Dr. Gary Matyas received his Ph.D. in biology from Purdue University and completed his postdoctoral studies in the laboratories of Peter Fishman and Roscoe Brady in the National Institute Neurological, Communicative Disorders and Stroke at the National Institutes of Health. His postdoctoral research and his Ph.D. studies were centered on the biochemistry and function of glycolipids.
In 1988, Dr. Matyas joined the Walter Reed Army Institute of Research as a research chemist in the Department of Membrane Biochemistry, Division of Biochemistry, which later merged with MHRP. The main focus of his research was on vaccines for various infectious diseases, using liposomes and transcutaneous immunization. He has studied liposomes as adjuvants for vaccines, including HIV, malaria, Campylobacter and COVID-19. He oversees the cGMP manufacture of Army Liposome Formulations (ALF) including ALF43 and ALFQ. Dr. Matyas’ research efforts on HIV initially focused on developing formulations for immunization that would induce antibodies similar to the broadly neutralizing antibodies 2F5 and 4E10, which bind to the both gp41 and membrane lipids. Together with MHRP collaborators, he demonstrated the monoclonal antibodies to lipids neutralized HIV and that vaccination with liposomes induced monoclonal antibodies that neutralized HIV and bound to gp41 and lipids. His HIV vaccine work continues to focus on producing antibodies to HIV. He has been funded for a comparative adjuvant phase 1 clinical trial that will study the effect of various adjuvants on DNA immunization and HIV-1 envelope protein boosts. The clinical trial is expected to start in the beginning of 2021 in Kenya. Dr. Matyas is participating in multiple clinical trails with ALF and ALFQ for HIV, malaria, Campylobacter and COVID-19.
In July 2012, Dr. Matyas was awarded the Avant-Garde Award for Medications Development from the NIH National Institute on Drug Abuse to develop a combination heroin/HIV vaccine. As part of this award and extended research, Dr. Matyas has developed an ALF-based vaccine that blocks the biological effects of opioids such as heroin and fentanyl. His heroin vaccine has proven effective in preventing overdose in animal studies and is funded for a phase 1 clinical trial.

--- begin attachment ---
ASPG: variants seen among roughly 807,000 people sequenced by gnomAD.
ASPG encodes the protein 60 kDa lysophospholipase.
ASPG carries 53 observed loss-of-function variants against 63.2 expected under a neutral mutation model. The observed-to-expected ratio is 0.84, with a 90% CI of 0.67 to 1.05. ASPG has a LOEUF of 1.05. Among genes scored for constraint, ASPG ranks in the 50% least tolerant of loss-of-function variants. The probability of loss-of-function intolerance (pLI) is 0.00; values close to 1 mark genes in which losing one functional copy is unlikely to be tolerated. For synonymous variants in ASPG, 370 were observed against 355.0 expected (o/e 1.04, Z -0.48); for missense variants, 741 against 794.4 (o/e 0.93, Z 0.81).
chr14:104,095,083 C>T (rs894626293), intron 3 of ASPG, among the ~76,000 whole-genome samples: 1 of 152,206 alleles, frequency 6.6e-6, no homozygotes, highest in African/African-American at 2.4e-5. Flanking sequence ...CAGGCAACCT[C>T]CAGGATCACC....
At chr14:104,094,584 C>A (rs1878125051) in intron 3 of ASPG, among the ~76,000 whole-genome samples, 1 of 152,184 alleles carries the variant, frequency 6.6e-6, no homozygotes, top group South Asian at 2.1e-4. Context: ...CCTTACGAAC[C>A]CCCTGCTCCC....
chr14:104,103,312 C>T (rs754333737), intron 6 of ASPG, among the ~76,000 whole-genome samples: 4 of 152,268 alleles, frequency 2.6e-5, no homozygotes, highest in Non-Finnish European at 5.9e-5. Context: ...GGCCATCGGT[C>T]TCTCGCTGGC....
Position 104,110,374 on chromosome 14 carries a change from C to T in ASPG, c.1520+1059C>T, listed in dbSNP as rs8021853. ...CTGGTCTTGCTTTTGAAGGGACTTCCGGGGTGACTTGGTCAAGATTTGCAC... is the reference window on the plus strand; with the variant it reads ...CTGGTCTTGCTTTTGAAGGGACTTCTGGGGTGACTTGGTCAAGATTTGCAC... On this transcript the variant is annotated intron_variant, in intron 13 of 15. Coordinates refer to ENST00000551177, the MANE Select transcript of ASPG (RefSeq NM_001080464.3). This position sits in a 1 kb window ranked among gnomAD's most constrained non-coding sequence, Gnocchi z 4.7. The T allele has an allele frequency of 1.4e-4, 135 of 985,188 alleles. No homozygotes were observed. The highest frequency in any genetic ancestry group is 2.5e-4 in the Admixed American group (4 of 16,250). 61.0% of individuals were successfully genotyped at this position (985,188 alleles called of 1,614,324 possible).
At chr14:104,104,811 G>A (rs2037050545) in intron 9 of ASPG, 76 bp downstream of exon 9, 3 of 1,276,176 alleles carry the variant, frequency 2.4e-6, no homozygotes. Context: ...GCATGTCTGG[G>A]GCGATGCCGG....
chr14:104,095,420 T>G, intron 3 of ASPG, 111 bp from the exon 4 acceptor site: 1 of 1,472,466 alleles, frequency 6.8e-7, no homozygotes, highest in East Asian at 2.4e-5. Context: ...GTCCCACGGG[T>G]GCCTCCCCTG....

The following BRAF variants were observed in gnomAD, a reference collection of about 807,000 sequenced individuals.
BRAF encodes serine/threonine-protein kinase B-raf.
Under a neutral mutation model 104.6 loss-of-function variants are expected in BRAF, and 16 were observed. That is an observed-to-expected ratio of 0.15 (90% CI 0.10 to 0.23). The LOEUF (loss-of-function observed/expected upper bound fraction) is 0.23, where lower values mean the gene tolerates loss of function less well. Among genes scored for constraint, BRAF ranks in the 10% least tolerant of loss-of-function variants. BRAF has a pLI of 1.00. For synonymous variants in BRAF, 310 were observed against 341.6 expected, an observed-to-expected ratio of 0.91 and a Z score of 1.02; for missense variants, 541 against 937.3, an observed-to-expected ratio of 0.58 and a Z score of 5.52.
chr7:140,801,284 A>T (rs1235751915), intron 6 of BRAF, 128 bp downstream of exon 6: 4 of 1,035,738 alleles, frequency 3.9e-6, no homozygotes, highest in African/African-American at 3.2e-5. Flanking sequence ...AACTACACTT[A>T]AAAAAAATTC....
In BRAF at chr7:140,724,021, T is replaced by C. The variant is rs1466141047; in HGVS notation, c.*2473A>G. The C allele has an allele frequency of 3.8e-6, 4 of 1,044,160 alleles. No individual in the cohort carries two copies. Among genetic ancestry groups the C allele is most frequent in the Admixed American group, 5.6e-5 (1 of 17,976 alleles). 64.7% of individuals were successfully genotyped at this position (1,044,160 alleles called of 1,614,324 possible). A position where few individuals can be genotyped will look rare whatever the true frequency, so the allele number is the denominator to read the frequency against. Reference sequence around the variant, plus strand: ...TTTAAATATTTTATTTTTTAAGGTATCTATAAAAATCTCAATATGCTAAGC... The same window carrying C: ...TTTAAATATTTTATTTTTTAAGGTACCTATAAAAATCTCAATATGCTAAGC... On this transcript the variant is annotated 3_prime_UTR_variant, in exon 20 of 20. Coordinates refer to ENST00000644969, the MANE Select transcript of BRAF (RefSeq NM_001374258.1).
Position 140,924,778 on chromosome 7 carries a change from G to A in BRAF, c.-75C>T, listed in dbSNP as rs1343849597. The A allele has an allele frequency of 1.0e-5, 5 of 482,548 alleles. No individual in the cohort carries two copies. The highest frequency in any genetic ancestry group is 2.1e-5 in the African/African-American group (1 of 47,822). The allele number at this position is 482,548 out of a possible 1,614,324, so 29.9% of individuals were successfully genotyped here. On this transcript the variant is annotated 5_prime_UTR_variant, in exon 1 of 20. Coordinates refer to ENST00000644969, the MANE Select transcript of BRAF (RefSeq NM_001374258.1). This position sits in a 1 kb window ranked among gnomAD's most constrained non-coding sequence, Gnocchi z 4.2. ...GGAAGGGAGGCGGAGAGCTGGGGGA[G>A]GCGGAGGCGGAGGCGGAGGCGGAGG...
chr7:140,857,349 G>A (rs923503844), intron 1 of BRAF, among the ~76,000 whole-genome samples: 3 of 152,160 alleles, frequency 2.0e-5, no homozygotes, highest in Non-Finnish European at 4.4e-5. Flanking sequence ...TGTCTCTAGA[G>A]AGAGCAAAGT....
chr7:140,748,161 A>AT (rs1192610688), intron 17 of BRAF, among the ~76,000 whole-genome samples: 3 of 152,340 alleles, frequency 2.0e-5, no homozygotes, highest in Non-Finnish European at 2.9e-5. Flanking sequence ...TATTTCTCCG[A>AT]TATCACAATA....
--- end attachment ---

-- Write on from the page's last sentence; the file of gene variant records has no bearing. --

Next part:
Sulima, A., Jalah, R., Antoline, J.F.G., Torres, O.B., Imler, G.H., Deschamps, J.R., Beck, Z., Alving, C.R., Jacobson, A.E., Rice, K.C., Matyas, G.R. A Stable Heroin Analogue That Can Serve as a Vaccine Hapten to Induce Antibodies That Block the Effects of Heroin and Its Metabolites in Rodents and That Cross-React Immunologically with Related Drugs of Abuse. Journal of Medicinal Chemistry. (2018) 61:329-343.
Beck, Z., Torres, O.B., Matyas, G.R., Lanar, D.E., Alving, C.R. Immune response to antigen adsorbed to aluminum hydroxide particles: Effects of co-adsorption of ALF or ALFQ adjuvant to the aluminum-antigen complex. Journal of Control Release. (2018) 275:12-19.
Alving, C.R., Peachman, K.K., Matyas, G.R., Rao, M., Beck, Z., Alving, C.R. Army Liposome Formulation (ALF) family of vaccine adjuvants Expert Rev Vaccines. (2020) 19:279-292.
Karch C.P., Paquin-Proulx D., Eller M.A., Matyas G.R., Burkhard P., Beck Z. Impact of the expression system on the immune responses to self-assembling protein nanoparticles (SAPNs) displaying HIV-1 V1V2 loop. Nanomedicine. (2020) 29:102255.
Singh, P., Bodycomb, J., Travers, B., Tatarkiewicz, K., Travers, S., Matyas, G.R., Beck, Z. Particle size analyses of polydisperse liposome formulations with a novel multispectral advanced nanoparticle tracking technology. Int J Pharm. (2019) 566:680-686.